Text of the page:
Lichen simplex chronicus may represent the end stage of a variety of pruritic and eczematous disorders. It consists of a well-circumscribed plaque or plaques with lichenified or thickened skin due to chronic scratching or rubbing. Common areas involved include the posterior nuchal region, dorsum of the feet, or ankles.
Treatment of lichen simplex chronicus centers around breaking the cycle of chronic itching and scratching, which often occur during sleep. High-potency topical glucocorticoids are helpful in alleviating pruritus in most cases, but in recalcitrant cases, application of topical glucocorticoids under occlusion or intralesional injection of glucocorticoids may be required. Oral antihistamines such as hydroxyzine (10 to 50 mg every 6 h) or tricyclic antidepressants with antihistaminic activity such as doxepin (10 to 25 mg at bedtime) are useful as antipruritics primarily due to their sedating action, and are particularly useful at bedtime.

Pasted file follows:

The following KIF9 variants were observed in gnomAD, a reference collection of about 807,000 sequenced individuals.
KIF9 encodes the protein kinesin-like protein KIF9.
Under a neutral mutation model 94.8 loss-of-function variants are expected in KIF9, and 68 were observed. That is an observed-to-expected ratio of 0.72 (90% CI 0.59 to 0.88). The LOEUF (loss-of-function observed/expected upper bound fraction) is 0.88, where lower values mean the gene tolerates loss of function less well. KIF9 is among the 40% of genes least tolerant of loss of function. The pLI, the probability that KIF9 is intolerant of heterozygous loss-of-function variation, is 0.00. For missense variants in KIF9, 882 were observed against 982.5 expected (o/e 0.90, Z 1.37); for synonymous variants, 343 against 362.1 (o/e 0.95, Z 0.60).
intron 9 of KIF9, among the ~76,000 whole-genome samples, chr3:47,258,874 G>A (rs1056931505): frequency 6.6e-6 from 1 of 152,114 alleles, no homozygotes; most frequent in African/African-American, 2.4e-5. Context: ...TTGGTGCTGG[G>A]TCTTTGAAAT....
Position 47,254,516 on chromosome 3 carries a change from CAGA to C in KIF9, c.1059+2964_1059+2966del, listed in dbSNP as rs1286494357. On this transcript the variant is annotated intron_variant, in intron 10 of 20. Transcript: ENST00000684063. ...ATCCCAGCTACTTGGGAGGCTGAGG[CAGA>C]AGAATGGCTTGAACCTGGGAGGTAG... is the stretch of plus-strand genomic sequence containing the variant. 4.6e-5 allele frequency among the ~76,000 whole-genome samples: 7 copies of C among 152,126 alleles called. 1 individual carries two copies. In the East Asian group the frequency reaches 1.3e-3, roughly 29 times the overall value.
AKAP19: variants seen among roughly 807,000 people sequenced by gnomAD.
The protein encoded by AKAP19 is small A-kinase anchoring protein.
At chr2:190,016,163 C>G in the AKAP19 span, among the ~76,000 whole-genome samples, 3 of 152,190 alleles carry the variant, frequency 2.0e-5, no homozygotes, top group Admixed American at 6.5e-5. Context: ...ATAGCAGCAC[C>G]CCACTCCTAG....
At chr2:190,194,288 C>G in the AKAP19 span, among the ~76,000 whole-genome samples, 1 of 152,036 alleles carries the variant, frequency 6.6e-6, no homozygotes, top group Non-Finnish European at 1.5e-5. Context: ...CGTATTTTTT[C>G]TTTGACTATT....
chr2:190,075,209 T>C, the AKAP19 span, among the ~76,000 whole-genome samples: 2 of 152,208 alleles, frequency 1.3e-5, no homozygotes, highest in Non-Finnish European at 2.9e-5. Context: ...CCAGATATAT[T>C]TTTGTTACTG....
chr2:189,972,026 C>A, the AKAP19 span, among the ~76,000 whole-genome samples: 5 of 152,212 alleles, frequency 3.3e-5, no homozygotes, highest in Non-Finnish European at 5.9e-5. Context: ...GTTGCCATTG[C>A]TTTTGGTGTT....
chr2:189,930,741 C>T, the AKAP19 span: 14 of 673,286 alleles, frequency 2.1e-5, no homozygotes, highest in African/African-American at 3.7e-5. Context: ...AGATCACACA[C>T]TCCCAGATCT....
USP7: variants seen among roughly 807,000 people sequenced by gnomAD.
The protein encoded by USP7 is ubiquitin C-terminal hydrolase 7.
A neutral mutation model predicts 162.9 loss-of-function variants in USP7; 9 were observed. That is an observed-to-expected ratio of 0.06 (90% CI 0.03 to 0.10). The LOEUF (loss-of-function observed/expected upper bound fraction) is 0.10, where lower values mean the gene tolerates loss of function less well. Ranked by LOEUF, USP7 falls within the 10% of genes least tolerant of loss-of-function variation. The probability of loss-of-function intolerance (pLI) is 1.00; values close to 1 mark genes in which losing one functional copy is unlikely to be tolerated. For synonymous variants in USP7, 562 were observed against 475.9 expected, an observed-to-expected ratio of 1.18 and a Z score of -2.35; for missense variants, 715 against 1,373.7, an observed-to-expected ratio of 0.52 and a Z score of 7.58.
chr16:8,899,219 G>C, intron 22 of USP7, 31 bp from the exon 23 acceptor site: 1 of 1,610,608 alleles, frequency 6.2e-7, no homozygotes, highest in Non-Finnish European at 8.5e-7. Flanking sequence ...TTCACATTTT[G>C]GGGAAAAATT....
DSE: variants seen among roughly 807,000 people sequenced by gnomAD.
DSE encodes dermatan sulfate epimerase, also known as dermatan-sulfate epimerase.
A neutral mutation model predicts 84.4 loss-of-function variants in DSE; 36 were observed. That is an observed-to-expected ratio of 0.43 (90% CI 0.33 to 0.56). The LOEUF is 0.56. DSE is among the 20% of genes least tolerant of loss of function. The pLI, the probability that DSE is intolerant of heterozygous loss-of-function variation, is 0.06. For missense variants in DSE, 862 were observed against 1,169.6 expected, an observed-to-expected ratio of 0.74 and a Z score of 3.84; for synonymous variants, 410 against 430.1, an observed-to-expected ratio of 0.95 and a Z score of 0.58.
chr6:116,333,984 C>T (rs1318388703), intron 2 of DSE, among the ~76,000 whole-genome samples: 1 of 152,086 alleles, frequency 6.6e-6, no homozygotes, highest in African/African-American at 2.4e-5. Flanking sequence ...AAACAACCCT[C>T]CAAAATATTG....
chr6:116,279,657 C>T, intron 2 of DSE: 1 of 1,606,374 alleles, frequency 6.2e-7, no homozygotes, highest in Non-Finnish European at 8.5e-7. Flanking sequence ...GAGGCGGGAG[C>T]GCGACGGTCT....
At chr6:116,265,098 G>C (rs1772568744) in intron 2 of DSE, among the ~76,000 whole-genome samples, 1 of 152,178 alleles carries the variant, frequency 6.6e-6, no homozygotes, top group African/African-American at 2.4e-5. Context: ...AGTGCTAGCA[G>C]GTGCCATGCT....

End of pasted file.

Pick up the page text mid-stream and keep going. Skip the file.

Patients need to be counseled regarding driving or operating heavy equipment after taking these medications due to their potentially potent sedative activity.
Violaceous or purplish, solid, fiem papules, resembling lichen planus but not due to it. This term is loosely used till a proper diagnosis is established. Similarly terms like pemphigoid, leucodermoid and psoriasiform have been coined to describe cutaneous lesions morphologically.
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